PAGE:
Autism and Essential Oils
How autism affects sensory perception is a very complex issue. Working with autism can present particular problems for the carer. Some people describe autism as a disorder of the senses rather than a social dysfunction, where each sense operates in isolation, the brain unable to organize the stimuli in any meaningful way. The brain relies on information gathered by various sensory receptors such as touch, smell, taste, hearing and sight in order to make sense o 22522u2018w f our environment. The disruption caused by a sensory disorder as to how the information is organized in the brain can have a devastating effect on how a situation is perceived and understood. Be aware of sensory shutdown, which occurs when an autistic individual is subjected to too much sensory stimuli and the brain cannot cope. Many people with autism will experience hypersensitivity to certain stimuli resulting in actual physical pain of sensory over-load. Plan your sessions carefully so as not to cause any undue anxiety.
Here are 6 different essential oils to use throughout the sessions, chosen for their safe use with autism, contrasting scents to stimulate the sense of smell, and for their therapeutic properties. The use of stimulating oils during experimental sessions, calming oils for massage and relaxation sessions. You could then observe any emotional effect the oils may have with an autistic client. The carer can massage with and without essential oils, and other different tactile sensations to explore their reactions. The aim was to then channel their responses to work towards positive communication and social goals.
Conduct a risk assessment. While working with your client, position them to minimize risk. ·
The essential oils selected to use are:
Lavender: for its calming effects, can help against aggressiveness and aid sleep.
Place 3 drops into 15mls of milk stir and place into bath just before bedtime.
Peppermint: a neuro-stimulating oil to help concentration. Peppermint also had the advantage of being familiar to the group through taste and smell.
Dilute Peppermint (1.5%) essential oil in water, spray into the air, letting the droplets settle on their hands, arms and legs.
Neroli: chosen for its non-irritant properties even on cracked or damaged skin, Neroli is sedating oil and is intended for massage.
Use 2-3 drops of Neroli oil in carrier oil such as sweet almond oil and massage the hands or feet for 3-4 minutes per hand / foot.
Once the client is used to the act of massage, you can introduce Sandalwood into the oil along side the Neroli
Eucalyptus: selected for having no known contraindications and its suitability for use with autism but particularly for blocked nasal passages due to its high menthol content as a different sensory experience for the client.
Roman chamomile: to impregnate wheat cushions and other sensory objects. Selected for its safe use and calming effect. Also suggested for its use to prevent aggression.
In a small pillowcase that is filled with dried cracked wheat impregnated with Roman chamomile essential oil, heated in a microwave until warm.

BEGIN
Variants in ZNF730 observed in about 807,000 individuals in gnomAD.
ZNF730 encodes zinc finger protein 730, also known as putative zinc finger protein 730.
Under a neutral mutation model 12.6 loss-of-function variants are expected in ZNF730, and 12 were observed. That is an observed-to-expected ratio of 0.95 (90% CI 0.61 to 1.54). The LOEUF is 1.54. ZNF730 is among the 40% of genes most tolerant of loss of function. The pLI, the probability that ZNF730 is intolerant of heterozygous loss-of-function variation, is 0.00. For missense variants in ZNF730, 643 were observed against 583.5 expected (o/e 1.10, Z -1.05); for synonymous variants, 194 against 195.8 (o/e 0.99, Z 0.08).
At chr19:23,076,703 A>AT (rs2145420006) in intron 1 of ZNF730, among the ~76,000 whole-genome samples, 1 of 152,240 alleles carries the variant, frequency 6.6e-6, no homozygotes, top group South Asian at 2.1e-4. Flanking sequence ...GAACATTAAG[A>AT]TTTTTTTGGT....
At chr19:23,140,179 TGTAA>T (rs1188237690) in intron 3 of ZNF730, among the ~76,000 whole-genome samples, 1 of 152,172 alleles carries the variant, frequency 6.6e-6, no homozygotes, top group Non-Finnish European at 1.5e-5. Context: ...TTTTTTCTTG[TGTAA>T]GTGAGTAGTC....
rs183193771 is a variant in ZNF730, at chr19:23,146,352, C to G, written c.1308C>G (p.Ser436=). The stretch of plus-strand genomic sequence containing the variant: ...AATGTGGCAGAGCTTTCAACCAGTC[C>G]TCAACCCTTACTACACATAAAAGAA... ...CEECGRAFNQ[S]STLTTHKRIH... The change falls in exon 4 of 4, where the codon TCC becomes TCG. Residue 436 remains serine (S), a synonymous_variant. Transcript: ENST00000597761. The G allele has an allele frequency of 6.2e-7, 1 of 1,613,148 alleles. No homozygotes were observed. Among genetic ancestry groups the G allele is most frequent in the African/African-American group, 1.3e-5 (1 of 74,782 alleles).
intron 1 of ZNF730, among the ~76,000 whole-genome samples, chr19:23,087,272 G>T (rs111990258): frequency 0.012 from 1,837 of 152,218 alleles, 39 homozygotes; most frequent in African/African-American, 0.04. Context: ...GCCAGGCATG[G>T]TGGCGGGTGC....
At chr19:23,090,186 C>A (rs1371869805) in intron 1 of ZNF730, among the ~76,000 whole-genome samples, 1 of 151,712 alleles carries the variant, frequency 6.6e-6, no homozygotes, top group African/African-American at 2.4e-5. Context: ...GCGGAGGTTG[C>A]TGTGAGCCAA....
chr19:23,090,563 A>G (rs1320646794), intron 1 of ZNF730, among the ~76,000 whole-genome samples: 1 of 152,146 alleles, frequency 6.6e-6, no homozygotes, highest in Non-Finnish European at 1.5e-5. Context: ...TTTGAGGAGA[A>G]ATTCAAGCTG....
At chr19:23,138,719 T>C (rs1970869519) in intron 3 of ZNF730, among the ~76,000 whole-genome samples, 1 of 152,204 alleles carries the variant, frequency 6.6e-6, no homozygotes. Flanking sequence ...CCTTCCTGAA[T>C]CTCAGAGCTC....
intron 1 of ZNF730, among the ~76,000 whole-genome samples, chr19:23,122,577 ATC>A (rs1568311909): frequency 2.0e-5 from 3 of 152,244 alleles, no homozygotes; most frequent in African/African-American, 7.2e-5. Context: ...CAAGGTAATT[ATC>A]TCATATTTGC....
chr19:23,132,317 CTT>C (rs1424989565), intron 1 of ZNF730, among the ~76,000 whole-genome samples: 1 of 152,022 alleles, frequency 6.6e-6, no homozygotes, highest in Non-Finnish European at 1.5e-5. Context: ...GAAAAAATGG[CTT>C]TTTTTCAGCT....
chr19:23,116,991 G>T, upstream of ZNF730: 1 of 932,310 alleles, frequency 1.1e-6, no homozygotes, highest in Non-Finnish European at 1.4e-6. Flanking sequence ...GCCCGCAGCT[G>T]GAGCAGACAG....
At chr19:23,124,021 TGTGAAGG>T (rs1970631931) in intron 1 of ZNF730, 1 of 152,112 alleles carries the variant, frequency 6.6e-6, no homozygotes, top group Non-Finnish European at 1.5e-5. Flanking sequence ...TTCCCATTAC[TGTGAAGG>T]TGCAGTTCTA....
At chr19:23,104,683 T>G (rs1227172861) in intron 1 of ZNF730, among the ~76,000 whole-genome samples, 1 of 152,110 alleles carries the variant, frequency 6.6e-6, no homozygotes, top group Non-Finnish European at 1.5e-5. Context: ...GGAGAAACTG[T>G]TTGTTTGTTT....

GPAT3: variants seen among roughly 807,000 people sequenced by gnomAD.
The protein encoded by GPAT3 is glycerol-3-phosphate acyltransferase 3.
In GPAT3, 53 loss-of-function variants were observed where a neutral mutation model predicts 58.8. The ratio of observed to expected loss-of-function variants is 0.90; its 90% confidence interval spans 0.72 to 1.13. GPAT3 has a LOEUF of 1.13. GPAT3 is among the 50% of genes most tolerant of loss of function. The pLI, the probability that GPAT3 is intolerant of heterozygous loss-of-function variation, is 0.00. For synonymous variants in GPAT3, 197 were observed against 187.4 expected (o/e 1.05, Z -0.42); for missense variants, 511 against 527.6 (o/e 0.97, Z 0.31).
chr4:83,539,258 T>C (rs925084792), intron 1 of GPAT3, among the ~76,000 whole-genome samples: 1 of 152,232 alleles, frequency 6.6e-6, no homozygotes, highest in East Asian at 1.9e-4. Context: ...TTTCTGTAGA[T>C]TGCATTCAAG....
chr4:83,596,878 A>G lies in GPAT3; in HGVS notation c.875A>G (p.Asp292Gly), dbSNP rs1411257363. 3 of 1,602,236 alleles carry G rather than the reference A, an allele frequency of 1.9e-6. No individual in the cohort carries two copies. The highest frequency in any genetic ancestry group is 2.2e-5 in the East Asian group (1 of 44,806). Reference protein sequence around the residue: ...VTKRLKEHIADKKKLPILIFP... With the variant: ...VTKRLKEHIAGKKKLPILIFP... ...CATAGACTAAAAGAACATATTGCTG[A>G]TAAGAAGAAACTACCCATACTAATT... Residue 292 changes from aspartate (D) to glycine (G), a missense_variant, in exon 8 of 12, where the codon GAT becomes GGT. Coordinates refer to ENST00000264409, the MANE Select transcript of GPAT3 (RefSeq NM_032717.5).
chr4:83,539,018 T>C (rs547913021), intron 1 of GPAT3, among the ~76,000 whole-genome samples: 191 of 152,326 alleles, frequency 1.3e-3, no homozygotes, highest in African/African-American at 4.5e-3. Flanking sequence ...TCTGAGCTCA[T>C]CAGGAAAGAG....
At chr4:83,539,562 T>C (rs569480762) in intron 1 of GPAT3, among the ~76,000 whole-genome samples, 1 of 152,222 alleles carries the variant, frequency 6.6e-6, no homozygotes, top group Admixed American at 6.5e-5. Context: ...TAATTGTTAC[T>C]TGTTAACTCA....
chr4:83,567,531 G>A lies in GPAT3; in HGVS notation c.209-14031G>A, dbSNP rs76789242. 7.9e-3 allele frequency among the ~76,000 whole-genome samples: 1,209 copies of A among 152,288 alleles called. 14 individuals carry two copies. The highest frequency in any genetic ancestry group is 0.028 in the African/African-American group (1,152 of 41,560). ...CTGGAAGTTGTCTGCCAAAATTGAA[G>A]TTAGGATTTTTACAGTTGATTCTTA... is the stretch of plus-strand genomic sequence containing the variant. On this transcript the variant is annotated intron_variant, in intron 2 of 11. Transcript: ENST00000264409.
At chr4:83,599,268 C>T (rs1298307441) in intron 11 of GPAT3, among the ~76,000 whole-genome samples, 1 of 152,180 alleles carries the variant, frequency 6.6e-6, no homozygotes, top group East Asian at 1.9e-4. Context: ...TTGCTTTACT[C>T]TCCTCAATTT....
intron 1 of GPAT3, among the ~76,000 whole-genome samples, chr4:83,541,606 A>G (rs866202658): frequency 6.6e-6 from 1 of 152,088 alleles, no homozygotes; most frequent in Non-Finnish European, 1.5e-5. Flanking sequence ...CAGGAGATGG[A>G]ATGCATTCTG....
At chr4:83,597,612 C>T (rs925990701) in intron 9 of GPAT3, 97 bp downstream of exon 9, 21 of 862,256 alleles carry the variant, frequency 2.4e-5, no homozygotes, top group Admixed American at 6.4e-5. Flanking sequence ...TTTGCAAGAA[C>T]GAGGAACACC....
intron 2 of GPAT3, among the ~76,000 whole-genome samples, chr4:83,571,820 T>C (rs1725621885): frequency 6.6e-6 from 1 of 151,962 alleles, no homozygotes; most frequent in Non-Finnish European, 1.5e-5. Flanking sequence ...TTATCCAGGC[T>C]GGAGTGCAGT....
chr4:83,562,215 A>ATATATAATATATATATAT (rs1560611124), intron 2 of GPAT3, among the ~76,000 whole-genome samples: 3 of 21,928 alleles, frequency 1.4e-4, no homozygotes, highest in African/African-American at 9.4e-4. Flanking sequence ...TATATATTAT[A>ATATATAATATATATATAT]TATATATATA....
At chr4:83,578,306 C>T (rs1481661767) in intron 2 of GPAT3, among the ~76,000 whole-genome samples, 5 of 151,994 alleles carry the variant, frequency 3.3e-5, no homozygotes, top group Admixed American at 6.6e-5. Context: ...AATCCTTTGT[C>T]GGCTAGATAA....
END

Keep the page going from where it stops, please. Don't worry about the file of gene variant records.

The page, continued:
Sandalwood: Chosen as a contrast to the other oils. Safe and non-irritating. It has calming and meditative properties and helps with obsessive and aggressive behavior. Sandalwood also blends extremely well with Neroli and would give flexibility to create a new fragrance if required.
The main considerations
A common feature of autism is susceptibility to sensory overload. As a result, autistic people may be over-sensitive to smells and are very wary of the invasion of their own personal space - their anxiety can be expressed as violent or disruptive behavior. Massage or aromatherapy of any kind may be undesirable in these circumstances.
There has been previous concern that massage can exacerbate some cancers so it is important for the carer to understand their client and the type of cancer being dealt with. Hospices are now using aromatherapy regularly to help relaxation, treat nausea, and provide emotional support through the therapeutic use of touch.
The digestive system may be more sluggish than that of an able-bodied person - wait 2 hours after eating before a full body massage to prevent discomfort.
Because the elderly, inactive, or physically disabled may have a slower metabolism, double-dilute the quantity of essential oil used (Example: 1 drop pure essential oil to 4 ml carrier = 1% dilution).
Only use oils which have been properly researched by a reputable source as many oils have their own specific contraindication for use with this client group under each individual oil. Because many people with disabilities or special needs may be on powerful convention drug regimes, it is important to seek advice from their consultant before commencing treatment.
Inflamed joints Avoid the specific joint but massage on the joint above can help to improve circulation.
Massage upwards, (towards the heart) and towards lymph nodes to assist with lymphatic draining.
Avoid: Anise, Citronella, Clove (leaf, bud and stem), Lemon gum (Eucalyptus citriodora), Laurel, Lemongrass, May chang, Melissa, Oregano, Star anise, Thyme
Although not a cause of learning disabilities, epilepsy affects a greater proportion of this client group. There is a lot of incorrect information regarding the use of essential oils and epilepsy. Some publications recommend avoiding Aniseed, Dill, Rosemary, Fennel, Hyssop, Sage, and more recently, even Evening Primrose has been reported to be linked to seizures. However, in the sort of dilutions used for massage, epileptics are probably at more risk from the strong smell triggering a seizure than any adverse effect of the essential oil through absorption via the skin.
As strong smells can trigger seizures, it would be wise to avoid strong overpowering fragrances.